The Aftermath

Not that you can only make a certain number of films about a particular subject, but there is a limit. Especially when you are not really bringing anything new to the proceedings. A prefect example of that is James Kent’s (Testamnet of Youth) World War II film, The Aftermath. Though its subject matter is of a slightly new variety of the story it has a very familiar feeling to it all.

Period pieces revolving around conflict (or the resolution of it) and love are nothing new. We can add this one to the ever growing pile. While I posit that it belongs towards to the bottom half of it. That despite the fact that lead actress Keira Knightly possesses a perfect look to be in a film set in the late 1940s.

As opposed to giving viewers a film or story which we can sink our teeth into or learn something from this is more like one which comes from a soap opera background. Complete with hokey dialogue, lots of longing looks, skulking around, and the requisite sex scenes between attractive people. The shape of it all is a triangle. A typical guy-guy-girl triangle.

Rachel (Keira Knightley – Atonement, The Imitation Game) arrives in Hamburg in 1946. World War II has ended with the Allies winning and she is there to reunite with her husband. Lewis (Jason Clarke – Pet Sematary – 2019, Mudbound) is a high up British officer who has been put in charge of the area with the goal of putting the city back on its feet.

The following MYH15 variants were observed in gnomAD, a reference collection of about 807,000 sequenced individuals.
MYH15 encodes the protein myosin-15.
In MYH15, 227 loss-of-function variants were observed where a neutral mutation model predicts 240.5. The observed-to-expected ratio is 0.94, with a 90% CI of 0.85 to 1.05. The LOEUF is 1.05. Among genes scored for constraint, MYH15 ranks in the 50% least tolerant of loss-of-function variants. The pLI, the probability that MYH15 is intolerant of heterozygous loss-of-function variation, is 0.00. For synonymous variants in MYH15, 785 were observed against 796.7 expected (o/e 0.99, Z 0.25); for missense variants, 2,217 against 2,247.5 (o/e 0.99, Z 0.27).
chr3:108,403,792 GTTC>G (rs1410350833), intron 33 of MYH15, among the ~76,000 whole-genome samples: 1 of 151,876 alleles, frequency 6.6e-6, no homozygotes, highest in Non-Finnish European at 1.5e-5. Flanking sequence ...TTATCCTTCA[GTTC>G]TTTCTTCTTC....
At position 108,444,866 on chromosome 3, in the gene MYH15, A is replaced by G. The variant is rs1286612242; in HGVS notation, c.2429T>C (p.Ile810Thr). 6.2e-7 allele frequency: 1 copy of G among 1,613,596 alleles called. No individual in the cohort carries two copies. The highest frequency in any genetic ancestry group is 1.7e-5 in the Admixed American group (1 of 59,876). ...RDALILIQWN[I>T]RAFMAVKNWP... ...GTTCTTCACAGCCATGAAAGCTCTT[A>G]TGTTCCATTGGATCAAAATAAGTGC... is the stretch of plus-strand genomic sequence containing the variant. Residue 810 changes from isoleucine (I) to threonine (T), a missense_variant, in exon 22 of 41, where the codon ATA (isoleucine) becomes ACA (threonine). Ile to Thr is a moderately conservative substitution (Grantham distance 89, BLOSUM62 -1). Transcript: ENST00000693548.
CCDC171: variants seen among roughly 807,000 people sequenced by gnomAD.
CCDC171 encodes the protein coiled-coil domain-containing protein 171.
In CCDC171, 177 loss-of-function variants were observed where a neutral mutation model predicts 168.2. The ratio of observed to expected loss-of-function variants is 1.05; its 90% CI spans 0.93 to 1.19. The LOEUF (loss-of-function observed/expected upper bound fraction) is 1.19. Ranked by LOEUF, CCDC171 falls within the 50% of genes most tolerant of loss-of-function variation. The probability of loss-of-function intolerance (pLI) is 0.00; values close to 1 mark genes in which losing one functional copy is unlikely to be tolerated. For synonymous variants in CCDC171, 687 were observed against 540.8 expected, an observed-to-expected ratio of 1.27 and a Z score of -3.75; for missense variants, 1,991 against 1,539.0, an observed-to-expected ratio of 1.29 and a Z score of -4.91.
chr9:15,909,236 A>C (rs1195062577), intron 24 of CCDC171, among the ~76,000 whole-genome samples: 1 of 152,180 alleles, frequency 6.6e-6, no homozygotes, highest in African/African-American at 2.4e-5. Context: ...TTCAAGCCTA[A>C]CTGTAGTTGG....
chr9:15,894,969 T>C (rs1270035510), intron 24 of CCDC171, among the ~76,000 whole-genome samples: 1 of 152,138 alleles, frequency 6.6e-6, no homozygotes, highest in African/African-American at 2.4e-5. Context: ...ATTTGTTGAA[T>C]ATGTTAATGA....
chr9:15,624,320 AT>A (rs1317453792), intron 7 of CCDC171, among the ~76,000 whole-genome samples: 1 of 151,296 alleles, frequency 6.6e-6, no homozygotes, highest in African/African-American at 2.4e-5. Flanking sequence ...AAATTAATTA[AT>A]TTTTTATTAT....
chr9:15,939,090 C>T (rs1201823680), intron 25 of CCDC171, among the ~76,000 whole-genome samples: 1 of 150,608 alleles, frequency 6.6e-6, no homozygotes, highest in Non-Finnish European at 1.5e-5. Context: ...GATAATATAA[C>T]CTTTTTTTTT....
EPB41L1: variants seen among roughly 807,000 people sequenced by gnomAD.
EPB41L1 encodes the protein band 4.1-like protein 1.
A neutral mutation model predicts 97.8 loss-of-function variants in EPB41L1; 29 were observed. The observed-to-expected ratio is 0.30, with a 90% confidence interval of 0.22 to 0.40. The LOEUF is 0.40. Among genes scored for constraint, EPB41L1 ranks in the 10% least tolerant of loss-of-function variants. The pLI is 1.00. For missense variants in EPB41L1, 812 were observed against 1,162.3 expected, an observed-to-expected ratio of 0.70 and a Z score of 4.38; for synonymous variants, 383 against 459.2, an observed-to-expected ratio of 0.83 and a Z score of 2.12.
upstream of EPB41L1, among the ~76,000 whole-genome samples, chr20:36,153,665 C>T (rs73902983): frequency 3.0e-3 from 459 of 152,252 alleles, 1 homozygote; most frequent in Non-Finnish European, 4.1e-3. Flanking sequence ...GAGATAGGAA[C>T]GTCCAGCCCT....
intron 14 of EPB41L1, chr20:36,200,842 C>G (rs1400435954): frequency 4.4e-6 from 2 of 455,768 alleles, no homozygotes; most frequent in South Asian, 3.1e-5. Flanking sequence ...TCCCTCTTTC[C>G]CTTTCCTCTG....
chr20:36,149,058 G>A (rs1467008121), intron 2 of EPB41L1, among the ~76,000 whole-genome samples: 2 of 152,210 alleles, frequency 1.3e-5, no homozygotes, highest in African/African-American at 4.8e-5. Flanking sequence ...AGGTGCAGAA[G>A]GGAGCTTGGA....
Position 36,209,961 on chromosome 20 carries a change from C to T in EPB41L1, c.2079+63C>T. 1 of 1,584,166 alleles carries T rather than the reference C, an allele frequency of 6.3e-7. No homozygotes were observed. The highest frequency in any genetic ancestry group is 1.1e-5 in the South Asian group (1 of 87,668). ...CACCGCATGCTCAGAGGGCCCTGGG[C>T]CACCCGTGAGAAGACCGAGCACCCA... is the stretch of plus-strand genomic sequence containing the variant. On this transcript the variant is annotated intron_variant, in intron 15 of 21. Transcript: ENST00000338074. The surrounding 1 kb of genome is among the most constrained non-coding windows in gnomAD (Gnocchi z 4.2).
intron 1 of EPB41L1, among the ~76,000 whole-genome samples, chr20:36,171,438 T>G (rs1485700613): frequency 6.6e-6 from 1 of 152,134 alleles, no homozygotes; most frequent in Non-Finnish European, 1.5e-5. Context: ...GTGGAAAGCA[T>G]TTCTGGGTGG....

It is not only Germany which is broken, but Lewis and Rachel’s marriage. The time away from each other and the death of their son during the bombing of London have changed things. They are distant and the love is seemingly gone.

While there they have been given the mansion of architect Stephan (Alexander Skarsgard – The Hummingbird Project, The Legend of Tarzan) and his daughter, Freda (Flora Thiemann – Bliss, Mission: Sputnik). One of the few who think that the Germans are not all evil people, Lewis allows father and daughter to remain in the house instead of going to a camp.

While Lewis is away working that leaves Stephan and Rachel to spend some time together. At first she finds him repulsive and wants nothting to do with him. Then, after spending some time at his deceased wife’s piano with Freda, she warms to the pair.

Soon Rachel and Stephan have started down a path they can’t turn back from. A plan is hatched and one man will walk away with Rachel. While the other will pick up the pieces of their post-war shattered lives. A choice is forthcoming.

Every year we get a few more World War II films. Some are good while others add nothing to the subject. This is the case of the very English style The Aftermath. It is quite British in nature with its reliance on repression, silence and stuttering. Add on the dark cinematography and sets along with costumes totally devoid of colour except for one Knightly dress and you get a rather somber in look and tone love story. One that does not touch your heart or really involve you in any way.

Mostly because most aspects of the story, written by Joe Shrapnel (Race, Frankie & Alice), Anna Waterhouse (Race, Frankie & Alice) and the writer of the novel, Rhidian Brook (writer on the television series Silent Witness), are totally underdeveloped. No depth is given to the characters, so we don’t understand their motivations. No backstory is given to any of the relationships or love stories, so we don’t care. As such it feels like the situation which begins between Rachel and Stephan is unnatural. Sudden. Jarring. Nothing comes to life and the film ends up feeling and looking a lot like the dead bodies which are always in the background.

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